But a biblical perspective gives us a basis for our desire to make a difference and for the concept of human rights. We want to make a difference because we’ve been created by God to subdue the earth and have dominion over it (Genesis 1:28) and we’ve been called to love our neighbour as ourself (Leviticus 19:18; Mark 12:31). Human rights make sense because every human has been created in God’s image which gives us inherent worth and dignity and the right to life (Genesis 1:27; 9:6; James 3:9-10). The Bible gives us a basis from which to work for the just treatment of people who are questioning their gender or feeling uncomfortable in their bodies.

Who can I trust?

Traditional authorities are often distrusted by young people. Abuses of authority have left young people wary, and this, combined with the prominence of post-modern thinking, means that personal experience is often trusted more than education or position. This is why doctors and academics are not deemed the experts on how to help transgender people; trans people themselves are the experts.

Jesus is the one truly good authority.

But in Jesus we have an authority whom we can trust. When we read the gospels, we see that Jesus is the perfect example of non-abusive authority. Jesus never misuses his authority to get his own way or to harm. He is not self-seeking, but rather lays down his authority in order to seek our good. He is the one truly good authority. And Jesus can be trusted as an authority because as the creator who took on flesh he knows us inside out, literally.

This is so important when it comes to a topic like gender. What is going to bring the best outcomes for a person with gender dysphoria – transitioning or not transitioning? We don’t know. We don’t have conclusive research, and it would be pretty much impossible to conduct research to measure all the aspects of the outcomes anyway. We need an authority who knows better than us, one who can be trusted even when he’s asking us to do things that seem hard and painful. The God revealed in Jesus Christ is exactly that kind of authority.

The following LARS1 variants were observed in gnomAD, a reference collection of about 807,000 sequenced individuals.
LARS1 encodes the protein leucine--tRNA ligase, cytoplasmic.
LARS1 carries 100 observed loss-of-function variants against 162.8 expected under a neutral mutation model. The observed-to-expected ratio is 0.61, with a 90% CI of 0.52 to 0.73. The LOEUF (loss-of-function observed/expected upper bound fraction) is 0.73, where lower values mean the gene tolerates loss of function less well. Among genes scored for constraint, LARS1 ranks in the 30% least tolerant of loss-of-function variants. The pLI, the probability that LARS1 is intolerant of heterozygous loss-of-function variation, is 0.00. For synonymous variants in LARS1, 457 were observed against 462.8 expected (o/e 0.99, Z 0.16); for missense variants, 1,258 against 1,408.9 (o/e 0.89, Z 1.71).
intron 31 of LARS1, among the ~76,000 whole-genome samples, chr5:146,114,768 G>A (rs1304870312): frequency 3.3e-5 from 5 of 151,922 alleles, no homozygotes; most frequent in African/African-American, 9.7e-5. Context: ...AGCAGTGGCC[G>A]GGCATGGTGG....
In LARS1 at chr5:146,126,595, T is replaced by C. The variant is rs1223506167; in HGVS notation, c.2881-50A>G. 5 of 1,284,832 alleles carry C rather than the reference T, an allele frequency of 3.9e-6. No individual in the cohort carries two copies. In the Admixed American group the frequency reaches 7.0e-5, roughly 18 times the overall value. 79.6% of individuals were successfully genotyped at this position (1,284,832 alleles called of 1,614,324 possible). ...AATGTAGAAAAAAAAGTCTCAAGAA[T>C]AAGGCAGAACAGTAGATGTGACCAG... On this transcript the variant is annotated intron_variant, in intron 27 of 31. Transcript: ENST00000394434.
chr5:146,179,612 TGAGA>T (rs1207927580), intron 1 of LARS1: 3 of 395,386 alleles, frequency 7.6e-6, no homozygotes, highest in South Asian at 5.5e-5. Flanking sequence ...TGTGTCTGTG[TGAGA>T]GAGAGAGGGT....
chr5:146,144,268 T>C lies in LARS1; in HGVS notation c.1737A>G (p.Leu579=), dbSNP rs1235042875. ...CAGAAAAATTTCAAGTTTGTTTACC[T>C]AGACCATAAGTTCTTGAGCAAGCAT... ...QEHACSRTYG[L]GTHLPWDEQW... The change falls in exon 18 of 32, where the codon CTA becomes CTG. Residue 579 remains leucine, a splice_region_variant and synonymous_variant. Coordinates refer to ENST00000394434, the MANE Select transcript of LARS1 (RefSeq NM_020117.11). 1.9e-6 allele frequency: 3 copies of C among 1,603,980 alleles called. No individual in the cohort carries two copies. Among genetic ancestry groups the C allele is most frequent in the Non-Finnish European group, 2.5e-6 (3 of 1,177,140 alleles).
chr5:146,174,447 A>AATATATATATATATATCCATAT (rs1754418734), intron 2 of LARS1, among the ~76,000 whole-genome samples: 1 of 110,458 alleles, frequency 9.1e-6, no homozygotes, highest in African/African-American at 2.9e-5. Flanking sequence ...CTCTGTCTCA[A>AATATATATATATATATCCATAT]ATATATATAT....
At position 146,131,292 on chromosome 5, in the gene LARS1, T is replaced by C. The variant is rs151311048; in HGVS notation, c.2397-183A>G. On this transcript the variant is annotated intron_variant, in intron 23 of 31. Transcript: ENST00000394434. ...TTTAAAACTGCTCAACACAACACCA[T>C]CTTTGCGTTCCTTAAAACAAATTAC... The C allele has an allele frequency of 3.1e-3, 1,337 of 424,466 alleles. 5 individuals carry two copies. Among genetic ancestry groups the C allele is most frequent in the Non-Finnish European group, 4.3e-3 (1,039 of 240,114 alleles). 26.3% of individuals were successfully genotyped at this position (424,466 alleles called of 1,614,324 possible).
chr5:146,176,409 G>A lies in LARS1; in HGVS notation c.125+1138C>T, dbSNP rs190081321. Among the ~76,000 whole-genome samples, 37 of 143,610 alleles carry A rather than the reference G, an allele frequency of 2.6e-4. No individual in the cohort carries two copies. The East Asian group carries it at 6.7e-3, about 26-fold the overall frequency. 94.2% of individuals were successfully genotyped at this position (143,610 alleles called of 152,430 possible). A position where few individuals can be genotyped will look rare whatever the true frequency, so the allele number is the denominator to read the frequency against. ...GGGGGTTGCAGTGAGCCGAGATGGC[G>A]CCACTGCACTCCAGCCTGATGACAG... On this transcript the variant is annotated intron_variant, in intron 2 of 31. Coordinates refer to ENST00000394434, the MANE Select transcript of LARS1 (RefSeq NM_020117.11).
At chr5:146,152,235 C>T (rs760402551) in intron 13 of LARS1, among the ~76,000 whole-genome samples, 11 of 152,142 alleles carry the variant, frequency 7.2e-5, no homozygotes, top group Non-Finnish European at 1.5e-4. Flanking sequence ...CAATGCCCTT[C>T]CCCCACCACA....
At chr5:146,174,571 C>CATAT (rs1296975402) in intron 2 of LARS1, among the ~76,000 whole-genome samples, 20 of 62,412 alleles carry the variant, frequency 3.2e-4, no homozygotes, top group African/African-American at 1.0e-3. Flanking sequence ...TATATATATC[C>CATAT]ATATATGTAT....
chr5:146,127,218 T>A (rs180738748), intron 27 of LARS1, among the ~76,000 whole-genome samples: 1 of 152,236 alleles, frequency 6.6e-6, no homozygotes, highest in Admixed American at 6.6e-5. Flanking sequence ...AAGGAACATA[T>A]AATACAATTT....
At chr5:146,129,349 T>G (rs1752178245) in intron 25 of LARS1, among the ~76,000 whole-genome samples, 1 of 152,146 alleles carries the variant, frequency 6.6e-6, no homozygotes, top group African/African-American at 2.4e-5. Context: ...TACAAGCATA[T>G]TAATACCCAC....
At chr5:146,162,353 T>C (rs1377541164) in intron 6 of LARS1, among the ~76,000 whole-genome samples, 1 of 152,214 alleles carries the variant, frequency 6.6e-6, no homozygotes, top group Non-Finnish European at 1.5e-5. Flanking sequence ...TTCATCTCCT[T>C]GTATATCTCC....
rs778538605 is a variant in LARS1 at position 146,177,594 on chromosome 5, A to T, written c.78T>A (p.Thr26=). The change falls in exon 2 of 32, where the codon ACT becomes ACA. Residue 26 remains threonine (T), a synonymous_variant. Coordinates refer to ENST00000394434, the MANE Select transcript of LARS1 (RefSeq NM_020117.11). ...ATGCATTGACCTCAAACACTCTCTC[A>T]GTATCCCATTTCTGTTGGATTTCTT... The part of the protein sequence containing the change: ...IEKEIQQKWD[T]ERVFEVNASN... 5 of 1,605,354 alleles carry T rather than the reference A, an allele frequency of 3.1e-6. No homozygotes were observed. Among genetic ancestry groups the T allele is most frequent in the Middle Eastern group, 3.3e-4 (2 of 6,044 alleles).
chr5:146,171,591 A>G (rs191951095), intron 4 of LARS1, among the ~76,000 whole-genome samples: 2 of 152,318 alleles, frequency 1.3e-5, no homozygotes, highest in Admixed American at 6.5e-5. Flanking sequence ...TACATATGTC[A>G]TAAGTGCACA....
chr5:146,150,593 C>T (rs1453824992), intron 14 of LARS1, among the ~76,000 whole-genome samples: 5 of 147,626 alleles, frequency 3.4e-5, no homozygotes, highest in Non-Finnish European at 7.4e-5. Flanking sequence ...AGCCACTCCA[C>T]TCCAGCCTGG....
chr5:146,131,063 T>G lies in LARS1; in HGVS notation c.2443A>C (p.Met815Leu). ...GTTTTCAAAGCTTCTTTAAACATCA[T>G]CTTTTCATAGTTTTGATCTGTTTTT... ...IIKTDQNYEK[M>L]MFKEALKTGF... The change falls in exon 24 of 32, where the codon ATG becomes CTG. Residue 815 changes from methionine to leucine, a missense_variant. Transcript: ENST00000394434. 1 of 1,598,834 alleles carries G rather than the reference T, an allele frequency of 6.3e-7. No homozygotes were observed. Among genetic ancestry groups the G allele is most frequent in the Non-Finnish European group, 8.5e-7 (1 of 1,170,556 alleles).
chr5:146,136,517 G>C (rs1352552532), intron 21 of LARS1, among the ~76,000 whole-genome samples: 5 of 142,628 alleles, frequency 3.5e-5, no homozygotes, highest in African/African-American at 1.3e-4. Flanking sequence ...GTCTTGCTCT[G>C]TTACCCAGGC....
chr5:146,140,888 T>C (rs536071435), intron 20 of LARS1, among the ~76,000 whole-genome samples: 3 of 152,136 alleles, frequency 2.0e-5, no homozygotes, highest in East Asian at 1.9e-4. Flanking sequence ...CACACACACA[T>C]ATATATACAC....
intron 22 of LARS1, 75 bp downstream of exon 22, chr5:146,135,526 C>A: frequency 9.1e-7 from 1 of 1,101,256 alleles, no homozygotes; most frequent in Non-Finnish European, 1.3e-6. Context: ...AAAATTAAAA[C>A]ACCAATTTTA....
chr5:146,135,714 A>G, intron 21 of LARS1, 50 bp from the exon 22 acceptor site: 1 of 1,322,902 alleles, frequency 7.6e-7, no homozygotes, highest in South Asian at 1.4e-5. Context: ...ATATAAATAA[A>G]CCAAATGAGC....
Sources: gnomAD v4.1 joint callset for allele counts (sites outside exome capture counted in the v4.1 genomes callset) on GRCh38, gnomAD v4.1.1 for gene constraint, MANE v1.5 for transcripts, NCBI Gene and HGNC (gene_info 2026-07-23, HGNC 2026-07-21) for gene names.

Where do I belong?

For many young people, trans is about belonging. The sharp division that is made between those who are trans and those who are not, and those who are educated and enlightened about all things gender and those who aren’t cuts trans-identifying teens off from many people but gives them a strong connection with a new community. For many, the online trans world becomes their community.

As Christians, we can offer a better community. The experience of detransitioners shows that the trans community is pretty brutal – if your experience of gender starts to change or you start to question your understanding of it, you’re out. Membership of this community is precarious – you’d better behave.

As churches, we have the opportunity to create communities of deep love and radical welcome. People can come and be loved and welcomed regardless of what they feel, or believe, or do. They can find a community where people care about them, not about an agenda. Closely linked to the question, ‘Where do I belong?’, is the question ‘Am I loved?’. As Christians, we have the ability to say a big, confident ‘yes’ to that question. You’re so loved that the God who made everything sent his son to die in your place so that you might enter into a relationship with him where you will be loved and delighted over for the rest of eternity.

When young people are asking ‘Where do I belong?’, as Christians our answer should be ‘Here, with us and with Jesus’.

Connecting with young people

None of this is easy. And all of this needs to be translated from ideas into action if we’re going to connect with young people. But I am thoroughly convinced that we can make the biblical perspective connect with where young people are at today, even on a complex and controversial topic like gender. Let’s build churches, youth groups, and friendships that allow us to do exactly that.